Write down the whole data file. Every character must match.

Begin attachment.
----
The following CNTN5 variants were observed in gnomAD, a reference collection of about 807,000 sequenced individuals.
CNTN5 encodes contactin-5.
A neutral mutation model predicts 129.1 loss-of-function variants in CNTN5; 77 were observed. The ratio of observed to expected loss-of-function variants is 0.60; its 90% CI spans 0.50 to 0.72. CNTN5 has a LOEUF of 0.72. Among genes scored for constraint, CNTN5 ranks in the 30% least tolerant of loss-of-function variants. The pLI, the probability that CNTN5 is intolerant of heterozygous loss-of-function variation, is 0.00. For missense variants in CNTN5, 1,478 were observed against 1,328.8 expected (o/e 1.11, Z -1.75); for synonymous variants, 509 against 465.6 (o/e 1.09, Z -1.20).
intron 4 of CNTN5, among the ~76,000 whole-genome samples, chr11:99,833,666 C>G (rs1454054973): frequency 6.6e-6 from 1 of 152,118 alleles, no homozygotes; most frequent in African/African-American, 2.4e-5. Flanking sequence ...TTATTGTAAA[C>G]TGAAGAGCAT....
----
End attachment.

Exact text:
The following CNTN5 variants were observed in gnomAD, a reference collection of about 807,000 sequenced individuals.
CNTN5 encodes contactin-5.
A neutral mutation model predicts 129.1 loss-of-function variants in CNTN5; 77 were observed. The ratio of observed to expected loss-of-function variants is 0.60; its 90% CI spans 0.50 to 0.72. CNTN5 has a LOEUF of 0.72. Among genes scored for constraint, CNTN5 ranks in the 30% least tolerant of loss-of-function variants. The pLI, the probability that CNTN5 is intolerant of heterozygous loss-of-function variation, is 0.00. For missense variants in CNTN5, 1,478 were observed against 1,328.8 expected (o/e 1.11, Z -1.75); for synonymous variants, 509 against 465.6 (o/e 1.09, Z -1.20).
intron 4 of CNTN5, among the ~76,000 whole-genome samples, chr11:99,833,666 C>G (rs1454054973): frequency 6.6e-6 from 1 of 152,118 alleles, no homozygotes; most frequent in African/African-American, 2.4e-5. Flanking sequence ...TTATTGTAAA[C>G]TGAAGAGCAT....